I've managed to get debugging going with a joystick connected, and see that it is time based, it always seems to be 1s, and don't know where that is set? The other variable is the speed.
I could override this function, but with what? I think absolute position increments might work, but would be tiny, and only allowed one increment per second. The increments would be tiny because I think a maximum step size of 4 steps would be used, regardless of step mode. This is because I beleive ther are supposed to be about 10-12 steps at the focal point,(?) and so would give two or three presses at focus. My focuser at full step has 4900 steps full travel so
4900/4=1225s / 60 = 20 minutes, full travel!
Or perhaps speed 0 = 4 steps, speed 1= 20th full travel and speed 2=10th full travel? (if we went this way then we may as well have 1 step at speed 0, which might be a pain for the 1/16th 1/32nd step settings, but hey ho).
Any thoughts, anybody?
I'm going to code steps of 1,10 and 100 and see how it feels.
Having coded that, and then playing with the speed, it dawned on me that I could have just used the set relative step! I did also note that I could cause small fractions of steps, by feathering the joystick button, so I don't understand how that is working?
I appreciate your efforts to improve the joystick operation.
My feeling is that it should be nice if effectively you could use the set relative step. In that way each user could set a number of steps according to the gear reduction of his focuser system.
But maybe there is some drawbacks to implement this solution...
Yes there does appear to be some draw backs, it does not seem that the relative steps step value is available in the derived class for the focuser. Even if it was it would need to be set each startup. I'm back to implementing a 1, 10, 100 movement based on speed, which does not take much effort to implement, and retains the setting between power cycles. Would this be better than the current solution, though I suspect the current solution is not behaving as expected.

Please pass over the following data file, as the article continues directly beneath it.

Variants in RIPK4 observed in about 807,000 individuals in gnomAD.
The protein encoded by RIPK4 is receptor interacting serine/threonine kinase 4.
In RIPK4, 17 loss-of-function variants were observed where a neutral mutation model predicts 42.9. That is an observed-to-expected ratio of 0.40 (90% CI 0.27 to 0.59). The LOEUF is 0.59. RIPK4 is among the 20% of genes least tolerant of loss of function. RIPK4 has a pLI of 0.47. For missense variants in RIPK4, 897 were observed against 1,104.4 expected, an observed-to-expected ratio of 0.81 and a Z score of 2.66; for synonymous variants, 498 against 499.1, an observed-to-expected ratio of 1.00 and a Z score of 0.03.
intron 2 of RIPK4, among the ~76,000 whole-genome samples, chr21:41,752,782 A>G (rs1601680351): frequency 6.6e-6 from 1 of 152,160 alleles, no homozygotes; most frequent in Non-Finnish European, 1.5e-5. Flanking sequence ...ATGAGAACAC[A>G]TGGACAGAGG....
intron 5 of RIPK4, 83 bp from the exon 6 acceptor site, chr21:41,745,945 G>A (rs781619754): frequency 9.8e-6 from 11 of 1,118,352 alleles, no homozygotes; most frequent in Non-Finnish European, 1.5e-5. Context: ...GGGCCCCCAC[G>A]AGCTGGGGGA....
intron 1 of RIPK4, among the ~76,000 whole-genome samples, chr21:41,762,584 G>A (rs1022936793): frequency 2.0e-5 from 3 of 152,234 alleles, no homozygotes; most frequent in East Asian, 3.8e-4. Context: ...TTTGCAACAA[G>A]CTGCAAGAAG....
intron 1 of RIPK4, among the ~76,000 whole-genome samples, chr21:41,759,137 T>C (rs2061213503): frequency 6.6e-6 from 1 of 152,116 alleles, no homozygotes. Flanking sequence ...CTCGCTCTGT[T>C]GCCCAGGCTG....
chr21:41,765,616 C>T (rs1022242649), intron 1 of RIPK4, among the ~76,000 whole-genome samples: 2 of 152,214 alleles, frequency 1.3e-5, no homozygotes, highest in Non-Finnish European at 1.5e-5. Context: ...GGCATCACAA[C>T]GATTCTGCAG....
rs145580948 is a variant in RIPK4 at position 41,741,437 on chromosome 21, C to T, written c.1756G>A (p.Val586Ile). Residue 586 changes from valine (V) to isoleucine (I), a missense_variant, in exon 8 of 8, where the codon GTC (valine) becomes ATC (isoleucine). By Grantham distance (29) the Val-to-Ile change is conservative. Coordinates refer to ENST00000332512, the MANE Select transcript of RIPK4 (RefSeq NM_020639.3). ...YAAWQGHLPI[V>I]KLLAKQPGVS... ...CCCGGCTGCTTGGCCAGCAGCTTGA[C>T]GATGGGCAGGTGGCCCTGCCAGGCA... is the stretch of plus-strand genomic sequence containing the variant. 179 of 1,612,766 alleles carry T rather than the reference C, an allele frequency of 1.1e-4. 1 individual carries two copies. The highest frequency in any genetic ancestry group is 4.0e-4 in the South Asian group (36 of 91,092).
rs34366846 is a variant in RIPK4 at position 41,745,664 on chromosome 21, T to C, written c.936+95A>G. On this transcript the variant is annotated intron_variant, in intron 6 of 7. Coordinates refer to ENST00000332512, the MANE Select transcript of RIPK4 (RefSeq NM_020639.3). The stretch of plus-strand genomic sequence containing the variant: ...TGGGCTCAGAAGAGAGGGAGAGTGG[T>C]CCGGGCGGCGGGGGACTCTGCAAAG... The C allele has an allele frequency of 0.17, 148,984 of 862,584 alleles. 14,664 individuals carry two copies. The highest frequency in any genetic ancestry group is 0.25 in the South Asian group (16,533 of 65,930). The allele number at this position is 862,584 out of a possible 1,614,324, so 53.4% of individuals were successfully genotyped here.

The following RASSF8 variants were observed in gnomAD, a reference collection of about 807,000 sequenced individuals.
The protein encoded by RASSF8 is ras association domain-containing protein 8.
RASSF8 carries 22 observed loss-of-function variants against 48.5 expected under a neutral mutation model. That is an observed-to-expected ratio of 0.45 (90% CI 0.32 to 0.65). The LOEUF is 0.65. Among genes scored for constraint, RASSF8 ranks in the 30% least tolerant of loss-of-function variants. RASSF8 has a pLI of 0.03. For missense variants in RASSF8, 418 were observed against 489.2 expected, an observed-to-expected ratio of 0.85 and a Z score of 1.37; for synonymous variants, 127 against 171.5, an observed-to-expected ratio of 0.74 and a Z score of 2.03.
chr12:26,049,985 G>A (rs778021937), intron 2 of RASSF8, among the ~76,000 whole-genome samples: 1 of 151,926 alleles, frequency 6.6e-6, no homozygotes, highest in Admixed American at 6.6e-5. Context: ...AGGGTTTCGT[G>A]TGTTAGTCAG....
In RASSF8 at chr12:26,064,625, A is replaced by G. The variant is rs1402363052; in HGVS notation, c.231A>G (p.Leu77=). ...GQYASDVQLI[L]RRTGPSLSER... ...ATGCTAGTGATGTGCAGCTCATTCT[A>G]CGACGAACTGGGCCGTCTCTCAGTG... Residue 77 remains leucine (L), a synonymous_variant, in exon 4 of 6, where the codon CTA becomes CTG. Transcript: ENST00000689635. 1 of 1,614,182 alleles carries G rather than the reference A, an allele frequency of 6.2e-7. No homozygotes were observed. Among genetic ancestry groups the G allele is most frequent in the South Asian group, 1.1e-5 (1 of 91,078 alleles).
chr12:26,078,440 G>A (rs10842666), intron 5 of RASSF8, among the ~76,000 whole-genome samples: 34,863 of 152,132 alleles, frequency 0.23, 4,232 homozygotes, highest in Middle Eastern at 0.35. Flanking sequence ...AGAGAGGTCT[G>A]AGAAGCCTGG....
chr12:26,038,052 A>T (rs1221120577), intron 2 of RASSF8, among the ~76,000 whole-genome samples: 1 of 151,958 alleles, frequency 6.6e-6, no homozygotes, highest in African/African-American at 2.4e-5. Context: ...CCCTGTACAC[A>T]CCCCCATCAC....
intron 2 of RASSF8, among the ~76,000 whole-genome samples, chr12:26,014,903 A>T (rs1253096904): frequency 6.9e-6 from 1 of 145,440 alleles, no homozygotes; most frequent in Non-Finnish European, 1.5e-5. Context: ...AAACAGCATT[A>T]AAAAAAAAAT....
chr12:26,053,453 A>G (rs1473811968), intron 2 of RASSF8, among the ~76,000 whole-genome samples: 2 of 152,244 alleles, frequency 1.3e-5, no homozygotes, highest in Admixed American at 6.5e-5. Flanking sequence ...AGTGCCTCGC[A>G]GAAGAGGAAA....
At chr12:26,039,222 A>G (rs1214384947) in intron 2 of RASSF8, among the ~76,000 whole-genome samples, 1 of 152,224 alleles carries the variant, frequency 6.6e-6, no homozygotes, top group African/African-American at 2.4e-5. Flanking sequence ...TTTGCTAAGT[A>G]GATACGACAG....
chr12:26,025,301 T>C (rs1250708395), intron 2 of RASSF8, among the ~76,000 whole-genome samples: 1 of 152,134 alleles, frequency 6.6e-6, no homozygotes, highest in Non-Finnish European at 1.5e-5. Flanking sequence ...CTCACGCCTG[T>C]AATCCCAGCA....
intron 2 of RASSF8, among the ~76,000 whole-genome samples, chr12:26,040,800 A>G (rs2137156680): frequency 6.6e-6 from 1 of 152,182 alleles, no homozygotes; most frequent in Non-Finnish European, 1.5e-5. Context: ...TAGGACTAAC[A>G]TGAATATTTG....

I am thinking I will just leave as is for now, until someone explains how the in out joystick is intended to work.
So in theory you add more buttons and you can change the behavior here. If the relative steps were set to say, a 100, then in theory pressing the button would move them by this much. Feel free to play around with the code in order to get the most desirable behavior keeping in mind that it should work for all kind of focusers (DC and steppers).
Thanks for the heads up as to where in the code to look, and it looks to me like the code wold already do what we probably want. Unfortunately because this focuser has variable speed AND relative position, then the times move is used in preference the relative move.
From my point of view I would have thought relative move should have been first choice as it maintains accuracy of actual position.
My FocuserPro2 supports three speeds, so I assumed this means it is variable speed, but it is a stepper motor and not DC. Was this the intended purpose of variable speed or have I misunderstood? I don't see why a stepper motor would ever want to use a timed move as opposed to an abs/rel move.
I appreciate this is a global function, and so should not assume that everyone else would agree with my opinion, so how do we move forward on this?
I actually had the exact same though. Relative should be preferred over variable. I would make this change now, but please take a look at it in more depth so that it can be suited for more functionality later on.
No not really, that is not the issue. I was just pointing out that if a focuser is defined to support variable speed(as this focuser is), then joystick button defaults to a "timed move" rather than the set "relative steps". I think it would be better the other way around.
I just tested the myFocuserPro2 with the Jasem fix. The joystick number of steps follows perfectly the relative position setting and, cherry on the cake, the backlash is taken into account. It seems to me that it was not the case with the precedent solution.